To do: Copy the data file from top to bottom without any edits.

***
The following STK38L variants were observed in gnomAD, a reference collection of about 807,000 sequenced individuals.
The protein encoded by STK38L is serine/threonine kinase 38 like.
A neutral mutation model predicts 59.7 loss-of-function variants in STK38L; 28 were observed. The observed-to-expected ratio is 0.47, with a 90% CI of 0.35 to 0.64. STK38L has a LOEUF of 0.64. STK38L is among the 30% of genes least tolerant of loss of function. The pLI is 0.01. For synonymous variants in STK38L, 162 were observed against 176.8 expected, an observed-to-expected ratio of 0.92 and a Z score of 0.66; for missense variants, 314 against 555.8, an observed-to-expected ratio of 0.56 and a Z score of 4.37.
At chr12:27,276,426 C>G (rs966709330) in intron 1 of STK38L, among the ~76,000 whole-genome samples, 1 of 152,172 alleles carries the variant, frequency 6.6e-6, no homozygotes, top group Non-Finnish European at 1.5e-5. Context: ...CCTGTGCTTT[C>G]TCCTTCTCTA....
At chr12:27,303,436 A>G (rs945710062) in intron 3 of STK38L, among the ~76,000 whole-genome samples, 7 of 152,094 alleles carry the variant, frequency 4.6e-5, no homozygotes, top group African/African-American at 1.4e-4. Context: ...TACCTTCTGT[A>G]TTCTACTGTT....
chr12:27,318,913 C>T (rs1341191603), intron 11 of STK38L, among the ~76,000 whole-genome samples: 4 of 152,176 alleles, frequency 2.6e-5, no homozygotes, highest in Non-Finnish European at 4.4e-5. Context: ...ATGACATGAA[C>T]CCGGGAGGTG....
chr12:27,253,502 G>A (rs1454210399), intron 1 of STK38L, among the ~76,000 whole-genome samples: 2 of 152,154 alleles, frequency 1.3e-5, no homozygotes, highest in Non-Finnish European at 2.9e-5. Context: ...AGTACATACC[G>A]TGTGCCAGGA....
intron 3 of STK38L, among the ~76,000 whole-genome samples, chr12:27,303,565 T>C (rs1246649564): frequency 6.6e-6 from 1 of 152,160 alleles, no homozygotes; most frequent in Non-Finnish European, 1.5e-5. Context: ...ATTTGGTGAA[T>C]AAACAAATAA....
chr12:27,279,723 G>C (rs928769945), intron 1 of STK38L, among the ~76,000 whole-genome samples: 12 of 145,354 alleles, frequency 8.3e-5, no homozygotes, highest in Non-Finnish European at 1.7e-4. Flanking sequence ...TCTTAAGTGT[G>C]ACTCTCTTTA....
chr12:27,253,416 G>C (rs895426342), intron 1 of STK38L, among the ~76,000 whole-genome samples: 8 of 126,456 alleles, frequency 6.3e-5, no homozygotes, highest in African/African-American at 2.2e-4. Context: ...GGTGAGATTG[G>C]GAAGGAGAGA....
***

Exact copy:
The following STK38L variants were observed in gnomAD, a reference collection of about 807,000 sequenced individuals.
The protein encoded by STK38L is serine/threonine kinase 38 like.
A neutral mutation model predicts 59.7 loss-of-function variants in STK38L; 28 were observed. The observed-to-expected ratio is 0.47, with a 90% CI of 0.35 to 0.64. STK38L has a LOEUF of 0.64. STK38L is among the 30% of genes least tolerant of loss of function. The pLI is 0.01. For synonymous variants in STK38L, 162 were observed against 176.8 expected, an observed-to-expected ratio of 0.92 and a Z score of 0.66; for missense variants, 314 against 555.8, an observed-to-expected ratio of 0.56 and a Z score of 4.37.
At chr12:27,276,426 C>G (rs966709330) in intron 1 of STK38L, among the ~76,000 whole-genome samples, 1 of 152,172 alleles carries the variant, frequency 6.6e-6, no homozygotes, top group Non-Finnish European at 1.5e-5. Context: ...CCTGTGCTTT[C>G]TCCTTCTCTA....
At chr12:27,303,436 A>G (rs945710062) in intron 3 of STK38L, among the ~76,000 whole-genome samples, 7 of 152,094 alleles carry the variant, frequency 4.6e-5, no homozygotes, top group African/African-American at 1.4e-4. Context: ...TACCTTCTGT[A>G]TTCTACTGTT....
chr12:27,318,913 C>T (rs1341191603), intron 11 of STK38L, among the ~76,000 whole-genome samples: 4 of 152,176 alleles, frequency 2.6e-5, no homozygotes, highest in Non-Finnish European at 4.4e-5. Context: ...ATGACATGAA[C>T]CCGGGAGGTG....
chr12:27,253,502 G>A (rs1454210399), intron 1 of STK38L, among the ~76,000 whole-genome samples: 2 of 152,154 alleles, frequency 1.3e-5, no homozygotes, highest in Non-Finnish European at 2.9e-5. Context: ...AGTACATACC[G>A]TGTGCCAGGA....
intron 3 of STK38L, among the ~76,000 whole-genome samples, chr12:27,303,565 T>C (rs1246649564): frequency 6.6e-6 from 1 of 152,160 alleles, no homozygotes; most frequent in Non-Finnish European, 1.5e-5. Context: ...ATTTGGTGAA[T>C]AAACAAATAA....
chr12:27,279,723 G>C (rs928769945), intron 1 of STK38L, among the ~76,000 whole-genome samples: 12 of 145,354 alleles, frequency 8.3e-5, no homozygotes, highest in Non-Finnish European at 1.7e-4. Flanking sequence ...TCTTAAGTGT[G>C]ACTCTCTTTA....
chr12:27,253,416 G>C (rs895426342), intron 1 of STK38L, among the ~76,000 whole-genome samples: 8 of 126,456 alleles, frequency 6.3e-5, no homozygotes, highest in African/African-American at 2.2e-4. Context: ...GGTGAGATTG[G>C]GAAGGAGAGA....